Our satellite provider recently gave us a weekend preview of some movie channels. That gave me the chance to watch (most of) yet another movie I'd missed in the theater...The Jackie Chan version of "The Karate Kid."
Okay, I liked it. Yes, it was a remake, but still... I'm a huge Jackie Chan fan, and this role shows a different facet of his character. It also seems Jaden Smith may have inherited his parents' mad acting skills. If nothing else, it was worth watching for the breathtaking views of China.
Those who have seen it will probably remember the scene on the pier, right after they climbed the mountain to drink from the spring. Dre was anxious to try what he'd seen an advanced Kung Fu master do on the trip up. When Mr. Han tells him he needs to work on his focus, Dre replies, "I'm focused." Milliseconds later, Mr. Han has a startled Dre hanging inches from the cold water. Then comes the line I loved.
"Your focus needs more focus."
I can't say for sure what the writers, directors and Chan himself might have meant by that line, but I know what lesson I got from it. Dre was focused. He was focused on the end result, on his vision of himself as an invincible Kung Fu warrior. That's good as far as it goes, but it's not enough.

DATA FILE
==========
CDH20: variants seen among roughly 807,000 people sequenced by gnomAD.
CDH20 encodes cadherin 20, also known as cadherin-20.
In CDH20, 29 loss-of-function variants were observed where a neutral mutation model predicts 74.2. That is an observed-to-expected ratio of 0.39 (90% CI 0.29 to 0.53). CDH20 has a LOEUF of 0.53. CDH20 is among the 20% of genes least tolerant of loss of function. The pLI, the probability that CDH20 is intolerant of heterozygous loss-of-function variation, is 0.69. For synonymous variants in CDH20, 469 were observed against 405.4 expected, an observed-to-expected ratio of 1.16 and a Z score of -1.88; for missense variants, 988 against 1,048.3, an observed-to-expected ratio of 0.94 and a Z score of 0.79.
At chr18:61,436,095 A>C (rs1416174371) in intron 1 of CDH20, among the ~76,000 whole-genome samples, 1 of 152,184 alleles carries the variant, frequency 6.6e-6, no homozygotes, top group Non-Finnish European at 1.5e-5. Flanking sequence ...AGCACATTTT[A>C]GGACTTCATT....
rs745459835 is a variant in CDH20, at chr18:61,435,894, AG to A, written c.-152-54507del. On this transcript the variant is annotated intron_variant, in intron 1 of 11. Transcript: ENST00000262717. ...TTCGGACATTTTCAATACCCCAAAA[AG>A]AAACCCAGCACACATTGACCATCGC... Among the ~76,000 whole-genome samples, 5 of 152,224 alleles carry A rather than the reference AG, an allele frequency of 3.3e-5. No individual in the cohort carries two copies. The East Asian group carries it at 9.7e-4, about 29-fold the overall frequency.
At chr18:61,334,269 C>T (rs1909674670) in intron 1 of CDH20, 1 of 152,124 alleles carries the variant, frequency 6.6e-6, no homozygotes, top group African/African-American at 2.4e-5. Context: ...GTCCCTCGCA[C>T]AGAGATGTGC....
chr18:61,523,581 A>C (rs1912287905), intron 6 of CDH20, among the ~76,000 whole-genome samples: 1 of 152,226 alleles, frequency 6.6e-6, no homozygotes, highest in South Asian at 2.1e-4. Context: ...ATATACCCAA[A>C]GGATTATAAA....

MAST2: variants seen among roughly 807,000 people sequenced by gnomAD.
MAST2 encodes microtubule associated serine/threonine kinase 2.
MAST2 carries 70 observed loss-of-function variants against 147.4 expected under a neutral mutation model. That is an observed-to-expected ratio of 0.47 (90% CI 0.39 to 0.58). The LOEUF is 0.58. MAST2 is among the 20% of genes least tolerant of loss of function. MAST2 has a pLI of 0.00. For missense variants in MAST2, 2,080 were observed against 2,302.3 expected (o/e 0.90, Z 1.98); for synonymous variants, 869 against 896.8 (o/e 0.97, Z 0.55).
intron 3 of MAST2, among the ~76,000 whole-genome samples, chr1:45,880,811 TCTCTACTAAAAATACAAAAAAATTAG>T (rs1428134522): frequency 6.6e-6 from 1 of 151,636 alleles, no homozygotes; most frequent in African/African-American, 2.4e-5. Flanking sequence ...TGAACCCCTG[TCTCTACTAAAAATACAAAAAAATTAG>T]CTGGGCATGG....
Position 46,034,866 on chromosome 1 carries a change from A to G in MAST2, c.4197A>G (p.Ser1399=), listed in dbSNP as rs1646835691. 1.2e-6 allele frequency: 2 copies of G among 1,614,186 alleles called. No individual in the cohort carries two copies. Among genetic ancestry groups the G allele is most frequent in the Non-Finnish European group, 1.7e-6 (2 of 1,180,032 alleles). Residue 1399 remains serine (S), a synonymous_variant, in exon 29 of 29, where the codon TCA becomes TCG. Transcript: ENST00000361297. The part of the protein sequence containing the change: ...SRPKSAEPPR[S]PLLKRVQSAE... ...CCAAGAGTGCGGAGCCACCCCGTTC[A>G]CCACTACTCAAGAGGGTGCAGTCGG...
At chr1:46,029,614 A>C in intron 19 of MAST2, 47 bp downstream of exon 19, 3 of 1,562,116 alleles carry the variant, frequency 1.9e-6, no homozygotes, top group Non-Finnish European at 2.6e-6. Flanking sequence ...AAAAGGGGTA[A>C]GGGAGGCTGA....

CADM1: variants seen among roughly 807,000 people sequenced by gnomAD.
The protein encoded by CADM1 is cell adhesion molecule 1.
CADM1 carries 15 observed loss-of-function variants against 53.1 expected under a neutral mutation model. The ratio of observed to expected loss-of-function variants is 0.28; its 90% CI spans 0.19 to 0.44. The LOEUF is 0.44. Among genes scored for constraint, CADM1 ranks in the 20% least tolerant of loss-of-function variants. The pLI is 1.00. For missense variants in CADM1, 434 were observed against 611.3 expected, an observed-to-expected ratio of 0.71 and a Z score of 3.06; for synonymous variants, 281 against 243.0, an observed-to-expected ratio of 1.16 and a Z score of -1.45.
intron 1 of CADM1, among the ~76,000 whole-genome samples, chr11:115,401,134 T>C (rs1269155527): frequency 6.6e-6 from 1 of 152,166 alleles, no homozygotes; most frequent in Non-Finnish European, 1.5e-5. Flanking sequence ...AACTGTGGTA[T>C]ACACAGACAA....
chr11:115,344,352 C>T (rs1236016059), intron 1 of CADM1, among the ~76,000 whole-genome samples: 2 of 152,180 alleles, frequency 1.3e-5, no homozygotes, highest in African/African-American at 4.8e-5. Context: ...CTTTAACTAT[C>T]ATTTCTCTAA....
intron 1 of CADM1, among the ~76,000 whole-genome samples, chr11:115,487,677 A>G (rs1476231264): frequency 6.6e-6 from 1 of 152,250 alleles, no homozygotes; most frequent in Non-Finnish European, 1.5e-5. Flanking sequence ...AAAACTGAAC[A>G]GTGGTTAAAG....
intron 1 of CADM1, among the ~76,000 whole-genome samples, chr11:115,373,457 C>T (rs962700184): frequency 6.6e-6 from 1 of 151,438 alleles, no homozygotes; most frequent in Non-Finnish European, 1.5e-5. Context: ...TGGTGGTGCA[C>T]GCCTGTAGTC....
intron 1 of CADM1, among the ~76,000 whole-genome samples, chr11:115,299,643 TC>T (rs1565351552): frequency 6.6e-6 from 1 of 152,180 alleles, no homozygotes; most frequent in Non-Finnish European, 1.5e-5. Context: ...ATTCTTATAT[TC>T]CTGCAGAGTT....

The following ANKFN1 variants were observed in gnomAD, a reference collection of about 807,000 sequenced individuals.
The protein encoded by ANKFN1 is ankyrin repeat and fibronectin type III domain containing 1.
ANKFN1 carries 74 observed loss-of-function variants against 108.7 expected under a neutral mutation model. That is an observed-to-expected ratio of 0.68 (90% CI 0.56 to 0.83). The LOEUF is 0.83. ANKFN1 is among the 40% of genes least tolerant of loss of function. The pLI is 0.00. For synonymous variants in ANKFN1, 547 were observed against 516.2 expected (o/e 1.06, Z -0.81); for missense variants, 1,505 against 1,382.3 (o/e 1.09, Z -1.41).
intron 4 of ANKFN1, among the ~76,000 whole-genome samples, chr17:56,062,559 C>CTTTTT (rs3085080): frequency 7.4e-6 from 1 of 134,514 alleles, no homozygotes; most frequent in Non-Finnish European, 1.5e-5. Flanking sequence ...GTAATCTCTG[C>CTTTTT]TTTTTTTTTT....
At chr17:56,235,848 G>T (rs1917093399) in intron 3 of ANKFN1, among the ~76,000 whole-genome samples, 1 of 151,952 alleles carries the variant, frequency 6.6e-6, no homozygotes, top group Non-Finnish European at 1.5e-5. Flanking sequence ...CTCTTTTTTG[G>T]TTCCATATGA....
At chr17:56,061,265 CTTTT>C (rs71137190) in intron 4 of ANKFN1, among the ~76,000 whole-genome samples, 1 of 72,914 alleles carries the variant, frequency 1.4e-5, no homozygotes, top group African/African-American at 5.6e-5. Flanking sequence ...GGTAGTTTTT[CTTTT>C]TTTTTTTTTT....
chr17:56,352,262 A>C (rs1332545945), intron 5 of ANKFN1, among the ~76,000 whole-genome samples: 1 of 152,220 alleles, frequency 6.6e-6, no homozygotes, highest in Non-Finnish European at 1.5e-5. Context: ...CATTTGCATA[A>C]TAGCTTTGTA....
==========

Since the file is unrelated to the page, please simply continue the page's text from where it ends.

Dre lacked a focus on the here and now. His aspirations were good, but he needed to focus on the present, on each move and principle that would take him where he wanted to go. Without those, he could focus on his dream forever without moving any closer to it.
I think the same problem of focus can hinder writers. It may not be that I'm not focused. I may be very focused on the fame or wealth I believe writing can earn me. The thoughts of movie rights and book signings might claim all my waking thoughts. Yet, to even have a shot of getting there, I can't focus solely on the prize. I have to focus on the writing.
Dre had to focus on movement, on anticipating his opponent and shutting out distractions. As writers, we need to focus on the art, on developing plots and themes and characters, on crafting descriptive prose or breath-stealing poetry. Then we advance to focusing on the technical skills of getting published: how to connect with editors and agents, how to write query letters and cover letters, and the legal aspects of rights and contracts.
When we have a grasp on that, we can think about fame. Maybe. Having made our writing and marketing skills second nature, we can consider some of the perks of success. Then, and only then, may we be ready to charm the snake.